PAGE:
Quite by chance, I noticed yesterday that there was a YouTube auto generated Channel for Augmentative and Alternative Communication. Remembering that Kate Caryer had asked members of the “Unspoken” Group for links to AAC media, I popped straight over to Facebook to post the link.
When I came back to YouTube, I could not find this channel again. This time, it didn’t turn up in the search results for “augmentative and alternative communication”. So back I went to Facebook to find and copy the link that I had posted there. Only I could not find the “Unspoken” Group! So back I went in my browser history to find it, resolving to bookmark the channel and subscribe to it, in order to save time in future.
I was intrigued to know where this channel had come from. The answer is on the Official YouTube for May 4th 2012, “Finding and following new channels you love“. There is further info on the YouTube Support Page – extract below:
Channels auto generated by YouTube
Channels auto generated by YouTube are channels created by algorithms to collect trending and popular videos by topic. Auto generated channels act like user channels in that you can subscribe to them and stay updated on new videos.
Auto generated Channels FAQ
How does YouTube determine when to create an auto generated channel? An auto generated channel is created when YouTube algorithmically identifies a topic to have a significant presence on the site. It might be because there are a minimum number of videos or watch views about this topic. We also determine if the quality of the set of videos in that channel meets some thresholds.
How does YouTube auto generate channels? YouTube algorithmically determines the central topics in a video and then uses that information to develop great collections of videos for any topic of interest. These channels do not convey any editorial opinion.
How does this page differ from a search results page? The auto generated channel presents a collection of videos about a singular subject. When the same term can have multiple interpretations (egs., Chicago: city, musical, movie, music band), the auto generated channels reflect one interpretation of that term. In addition, auto generated channels provide:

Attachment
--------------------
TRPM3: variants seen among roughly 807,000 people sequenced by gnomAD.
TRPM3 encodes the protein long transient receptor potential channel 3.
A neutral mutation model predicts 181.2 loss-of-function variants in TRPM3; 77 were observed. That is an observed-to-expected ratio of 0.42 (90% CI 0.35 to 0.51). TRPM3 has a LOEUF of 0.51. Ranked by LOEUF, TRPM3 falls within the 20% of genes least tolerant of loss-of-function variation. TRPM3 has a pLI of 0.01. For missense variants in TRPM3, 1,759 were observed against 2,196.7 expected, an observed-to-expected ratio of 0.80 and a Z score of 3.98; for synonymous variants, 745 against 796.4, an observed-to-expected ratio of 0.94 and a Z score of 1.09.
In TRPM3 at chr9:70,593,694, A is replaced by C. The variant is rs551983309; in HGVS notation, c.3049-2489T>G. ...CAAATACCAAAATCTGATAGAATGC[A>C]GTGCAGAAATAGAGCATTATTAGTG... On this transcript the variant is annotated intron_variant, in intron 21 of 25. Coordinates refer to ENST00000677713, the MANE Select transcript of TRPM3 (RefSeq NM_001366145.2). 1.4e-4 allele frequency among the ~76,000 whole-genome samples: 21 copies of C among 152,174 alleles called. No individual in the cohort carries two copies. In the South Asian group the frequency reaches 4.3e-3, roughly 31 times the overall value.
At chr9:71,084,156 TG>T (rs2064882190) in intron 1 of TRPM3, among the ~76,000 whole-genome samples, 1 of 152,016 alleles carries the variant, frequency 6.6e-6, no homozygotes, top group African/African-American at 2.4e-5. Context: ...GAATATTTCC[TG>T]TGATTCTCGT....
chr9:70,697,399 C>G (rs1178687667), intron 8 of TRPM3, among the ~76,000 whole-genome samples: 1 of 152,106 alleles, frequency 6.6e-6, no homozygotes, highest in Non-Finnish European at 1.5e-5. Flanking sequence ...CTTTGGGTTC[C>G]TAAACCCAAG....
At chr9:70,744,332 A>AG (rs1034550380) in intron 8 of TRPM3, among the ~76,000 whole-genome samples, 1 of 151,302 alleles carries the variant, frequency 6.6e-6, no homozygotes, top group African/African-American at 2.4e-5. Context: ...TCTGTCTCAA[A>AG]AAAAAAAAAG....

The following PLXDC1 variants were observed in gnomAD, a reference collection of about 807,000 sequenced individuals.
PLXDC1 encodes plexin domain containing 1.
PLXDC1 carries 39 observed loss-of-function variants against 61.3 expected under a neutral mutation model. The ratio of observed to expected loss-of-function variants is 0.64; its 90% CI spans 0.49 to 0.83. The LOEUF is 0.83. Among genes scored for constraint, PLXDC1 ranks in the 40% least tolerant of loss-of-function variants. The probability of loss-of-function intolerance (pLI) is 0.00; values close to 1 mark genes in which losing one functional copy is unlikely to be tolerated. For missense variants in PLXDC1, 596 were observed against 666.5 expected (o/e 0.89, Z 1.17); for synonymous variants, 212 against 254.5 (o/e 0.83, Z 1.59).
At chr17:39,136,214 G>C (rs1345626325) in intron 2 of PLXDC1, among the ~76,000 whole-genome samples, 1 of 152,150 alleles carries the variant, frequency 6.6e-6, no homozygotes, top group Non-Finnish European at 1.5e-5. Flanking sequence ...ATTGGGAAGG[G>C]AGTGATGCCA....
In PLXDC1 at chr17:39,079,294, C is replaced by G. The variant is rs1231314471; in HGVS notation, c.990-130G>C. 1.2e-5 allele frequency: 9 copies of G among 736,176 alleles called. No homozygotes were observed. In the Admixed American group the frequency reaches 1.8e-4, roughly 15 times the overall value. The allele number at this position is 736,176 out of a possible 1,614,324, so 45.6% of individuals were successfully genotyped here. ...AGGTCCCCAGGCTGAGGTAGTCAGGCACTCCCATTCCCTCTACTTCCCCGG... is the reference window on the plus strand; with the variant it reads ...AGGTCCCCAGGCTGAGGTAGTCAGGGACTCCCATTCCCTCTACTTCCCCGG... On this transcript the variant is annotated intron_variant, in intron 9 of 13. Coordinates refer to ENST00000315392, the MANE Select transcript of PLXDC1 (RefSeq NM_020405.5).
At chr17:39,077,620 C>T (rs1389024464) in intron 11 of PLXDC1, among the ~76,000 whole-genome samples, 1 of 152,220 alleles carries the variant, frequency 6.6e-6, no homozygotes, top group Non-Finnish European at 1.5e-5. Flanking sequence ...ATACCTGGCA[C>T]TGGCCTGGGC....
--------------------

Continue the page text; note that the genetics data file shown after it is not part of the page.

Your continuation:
- The ability to subscribe and get regular updates about this topic on YouTube on your feed
- A way to find other channels related to this topic
- More context about this topic from Wikipedia or other sources
Except that it is not that easy to find these auto generated channels. It gets a lot easier once you have found the first one. As it says in point 2 above, these channels are, “A way to find other channels related to this topic”. As good place to start as any would be with the YouTube Speech-Language Pathology Channel.
It is not clear from the information on YouTube whether an auto generated channel might disappear if it becomes less popular. The key to getting your video included in an “Auto-Channel” is careful tagging of uploaded videos – see the YouTube Support page for more information.
Although a YouTube search is unlikely to help you to find an auto generated channel, at the moment at least, there are some ways to track them down. They are quite complicated, so that will be for another post.
In the meantime, I have bookmarked a couple of hundred or “Auto-Channels” of interest and they are listed in this pdf file:
There are many more auto generated channels of interest so do check the recommended channels at the side when you visit any of these. Sometimes the recommendations will include “real” channels as well. Or just dive in and start exploring the videos in the auto generated channel.
You can see some of these (the maximum allowed is 18):
- in the “Featured Video” sidebar on my YouTube Channel videos page
- in the lower part of the main section of the SaLTmineTV YouTube home page
NOTE: There are other video sharing sites of course. There are some excellent videos on Vimeo and the quality tends to be more professional than you might generally find on YouTube. You are also much less likely to be bothered by “trolls” and “spam comments” on Vimeo, so it is well worth considering going off YouTube or duplicating sites if you have videos that you want to share.
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